Off the court, and in the locker room especially, the fit of Deng is almost tailor made. The Cavs are young, mistake prone, somewhat selfish, and almost rudderless in the form of peer leadership. Deng is a shining example of the exact opposite of most of these traits.
Leaned on as coach Tom Thibodeau's favorite player, and team leader, Deng is one of the few players in the NBA who has a reputation and level of respect that is almost beyond reproach. He has no shortage of work to do with the Cavs roster that is currently performing well below the sum of it's parts. All due respect to Anderson Varejao and Jarrett Jack, Deng has the kind of resume and accolades that demand the attentive ear of any young player he's talking to.
He is one of the NBA's iron men, and while somewhat prone to injury, he plays on, and plays at a high level. He has been an All-Star twice, and commanded the locker room of a #1 seeded playoff team that featured the League MVP.
Expecting Kyrie Irving and Tristan Thompson to lead such a young roster through a rebuild and up the mountain on the other side was probably a little unrealistic. Both are finding their relative footing in the NBA, and don't need to extra responsibility that role entails just yet. For problem children Anthony Bennett and Dion Waiters, Deng's work ethic and attitude set a strict example of what it takes to succeed in this league, and whether or not they choose to follow that example will be telling for their future with the Cavaliers. Speaking with the Cavs after their recent win against the 76ers, David Zavac got two quotes that really drive home how important Deng can be:
Even further off the court, General Manager Chris Grant scored a PR victory that will shore up the waning level of trust the Cavaliers fanbase has in him. Tanking was the right move, given how barren the roster was when Grant took over, but the Cavs were unfortunate enough to find themselves in drafts devoid of the kind of stars they landed in taking Kyrie Irving, Brad Daugherty, and LeBron James at #1 overall. Feeling the heat, and rightfully so, Grant rewarded weary fans who are tired of losing seasons with a move that provides the instant excitement that one expects when bringing in one of the best wing players in the game. Putting to rest the narrative that the Cavs would sit in a holding pattern, pinning their hopes on begging LeBron James to come back in the Summer of 2014. James joining the team is still an option, but it is now an option of mutual convenience, not one sided desperation.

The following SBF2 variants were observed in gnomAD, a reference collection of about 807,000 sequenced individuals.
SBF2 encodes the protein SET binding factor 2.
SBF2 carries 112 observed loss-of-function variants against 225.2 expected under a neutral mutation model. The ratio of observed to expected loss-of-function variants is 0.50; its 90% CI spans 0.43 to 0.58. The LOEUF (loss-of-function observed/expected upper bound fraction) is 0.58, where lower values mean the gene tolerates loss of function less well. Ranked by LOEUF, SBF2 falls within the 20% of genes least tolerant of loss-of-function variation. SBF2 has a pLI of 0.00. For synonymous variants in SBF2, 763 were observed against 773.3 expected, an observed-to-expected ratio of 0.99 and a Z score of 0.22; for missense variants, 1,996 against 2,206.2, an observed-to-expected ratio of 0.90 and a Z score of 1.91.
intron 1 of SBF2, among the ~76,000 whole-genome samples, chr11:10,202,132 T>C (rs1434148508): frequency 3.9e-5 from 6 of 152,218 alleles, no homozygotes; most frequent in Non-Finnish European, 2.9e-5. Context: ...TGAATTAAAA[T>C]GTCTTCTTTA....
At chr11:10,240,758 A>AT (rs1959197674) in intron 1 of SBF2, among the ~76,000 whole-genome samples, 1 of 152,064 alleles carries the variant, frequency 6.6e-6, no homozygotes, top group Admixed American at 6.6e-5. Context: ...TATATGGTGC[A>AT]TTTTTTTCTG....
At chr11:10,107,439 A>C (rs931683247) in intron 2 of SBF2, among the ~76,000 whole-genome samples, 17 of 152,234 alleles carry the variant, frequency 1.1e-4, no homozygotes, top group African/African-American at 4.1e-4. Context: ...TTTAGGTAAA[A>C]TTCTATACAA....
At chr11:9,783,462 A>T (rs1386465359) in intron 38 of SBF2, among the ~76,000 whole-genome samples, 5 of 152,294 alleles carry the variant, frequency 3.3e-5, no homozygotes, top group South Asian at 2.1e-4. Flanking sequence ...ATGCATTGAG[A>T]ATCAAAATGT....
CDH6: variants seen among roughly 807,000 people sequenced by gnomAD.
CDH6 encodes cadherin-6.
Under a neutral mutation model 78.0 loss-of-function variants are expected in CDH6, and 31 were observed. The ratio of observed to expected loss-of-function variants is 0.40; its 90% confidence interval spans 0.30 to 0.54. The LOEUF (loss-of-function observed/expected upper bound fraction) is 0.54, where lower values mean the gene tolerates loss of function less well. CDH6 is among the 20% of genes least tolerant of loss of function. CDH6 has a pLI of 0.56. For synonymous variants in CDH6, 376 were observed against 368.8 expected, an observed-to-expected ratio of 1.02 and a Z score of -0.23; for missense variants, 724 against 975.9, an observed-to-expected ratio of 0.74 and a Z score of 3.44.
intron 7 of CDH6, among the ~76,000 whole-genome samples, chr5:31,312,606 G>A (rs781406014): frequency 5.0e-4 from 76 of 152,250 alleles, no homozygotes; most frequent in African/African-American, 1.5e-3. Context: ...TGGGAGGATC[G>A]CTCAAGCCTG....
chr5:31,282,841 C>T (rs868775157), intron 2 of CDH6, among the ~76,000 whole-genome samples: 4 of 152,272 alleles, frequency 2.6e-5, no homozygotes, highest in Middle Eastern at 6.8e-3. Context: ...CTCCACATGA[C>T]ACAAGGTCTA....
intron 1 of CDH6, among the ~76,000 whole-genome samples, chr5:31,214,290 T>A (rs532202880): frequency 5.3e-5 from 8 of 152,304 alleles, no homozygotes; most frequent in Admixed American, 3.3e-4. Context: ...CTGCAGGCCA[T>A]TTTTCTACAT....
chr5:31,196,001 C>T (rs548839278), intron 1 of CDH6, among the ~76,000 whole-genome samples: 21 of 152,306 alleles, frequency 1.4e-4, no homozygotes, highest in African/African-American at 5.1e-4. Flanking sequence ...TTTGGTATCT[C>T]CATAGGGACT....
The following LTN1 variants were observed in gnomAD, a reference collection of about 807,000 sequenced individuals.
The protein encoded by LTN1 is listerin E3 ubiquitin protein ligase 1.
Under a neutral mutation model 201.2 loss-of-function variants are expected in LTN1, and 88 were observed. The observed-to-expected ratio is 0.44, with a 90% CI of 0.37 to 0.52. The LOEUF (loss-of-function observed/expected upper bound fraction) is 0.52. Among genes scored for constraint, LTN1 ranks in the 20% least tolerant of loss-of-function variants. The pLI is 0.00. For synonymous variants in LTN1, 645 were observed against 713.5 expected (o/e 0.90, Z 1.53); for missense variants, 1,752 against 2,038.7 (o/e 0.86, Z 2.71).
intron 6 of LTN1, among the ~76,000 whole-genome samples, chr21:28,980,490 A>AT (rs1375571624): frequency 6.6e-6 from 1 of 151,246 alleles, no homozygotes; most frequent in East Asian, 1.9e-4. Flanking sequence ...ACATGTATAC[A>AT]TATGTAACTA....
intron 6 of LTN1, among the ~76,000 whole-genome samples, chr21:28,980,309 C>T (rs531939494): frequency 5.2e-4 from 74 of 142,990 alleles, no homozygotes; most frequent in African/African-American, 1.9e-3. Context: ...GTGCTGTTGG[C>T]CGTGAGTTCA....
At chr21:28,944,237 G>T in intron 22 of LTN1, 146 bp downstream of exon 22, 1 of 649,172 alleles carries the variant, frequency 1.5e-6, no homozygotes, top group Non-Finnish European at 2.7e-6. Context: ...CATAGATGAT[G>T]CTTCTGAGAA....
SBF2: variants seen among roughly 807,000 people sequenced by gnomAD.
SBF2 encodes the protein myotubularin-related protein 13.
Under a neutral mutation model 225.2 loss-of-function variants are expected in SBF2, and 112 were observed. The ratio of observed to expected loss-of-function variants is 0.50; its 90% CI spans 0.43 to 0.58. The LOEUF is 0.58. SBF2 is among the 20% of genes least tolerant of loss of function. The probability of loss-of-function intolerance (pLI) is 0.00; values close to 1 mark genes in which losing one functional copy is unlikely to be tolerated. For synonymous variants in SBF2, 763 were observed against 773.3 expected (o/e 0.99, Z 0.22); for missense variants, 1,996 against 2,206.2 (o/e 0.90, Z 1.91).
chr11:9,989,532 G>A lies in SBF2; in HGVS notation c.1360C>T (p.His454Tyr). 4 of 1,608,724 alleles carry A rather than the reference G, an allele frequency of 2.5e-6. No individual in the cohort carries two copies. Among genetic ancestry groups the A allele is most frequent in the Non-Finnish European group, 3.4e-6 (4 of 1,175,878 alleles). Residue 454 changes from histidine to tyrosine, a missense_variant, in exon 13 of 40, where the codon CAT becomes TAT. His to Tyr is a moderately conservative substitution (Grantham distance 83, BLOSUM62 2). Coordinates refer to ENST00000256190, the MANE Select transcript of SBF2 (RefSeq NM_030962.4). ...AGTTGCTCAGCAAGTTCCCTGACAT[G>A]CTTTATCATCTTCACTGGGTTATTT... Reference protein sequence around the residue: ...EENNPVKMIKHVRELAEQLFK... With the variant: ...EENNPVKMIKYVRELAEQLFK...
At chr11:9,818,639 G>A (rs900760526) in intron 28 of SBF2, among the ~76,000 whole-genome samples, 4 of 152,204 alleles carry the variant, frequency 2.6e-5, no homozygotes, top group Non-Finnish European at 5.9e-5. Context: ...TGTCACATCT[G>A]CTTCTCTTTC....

In the last few days, Chicago fans have really brought into focus just how special a person, and player Luol Deng is. The night of the trade, we received comments and tweets professing Bulls fans' appreciation of Deng, and their best wishes for his future. Here at SBNation, Ricky O'Donnell underscored just how beloved Deng was to his teammates. At Hardwood Paroxysm, Caleb Nordgren penned a great story on what Deng means to Bulls fans, and who he is. I would really suggest reading both of those, not just because they're really good, but because I want everyone else to feel like me: An admitted tanker who has been swept away in the positive vibes of Luol Deng.
We haven't had a lot of great things to talk about in the last three years, but hopefully the 2AM hour of January 7th, 2014 was the beginning of something really special that can make this season one we talk about for a long time. Stepping outside the shadow of former players and media scrutiny to bring playoffs, and with them relevance, back to this great basketball fanbase.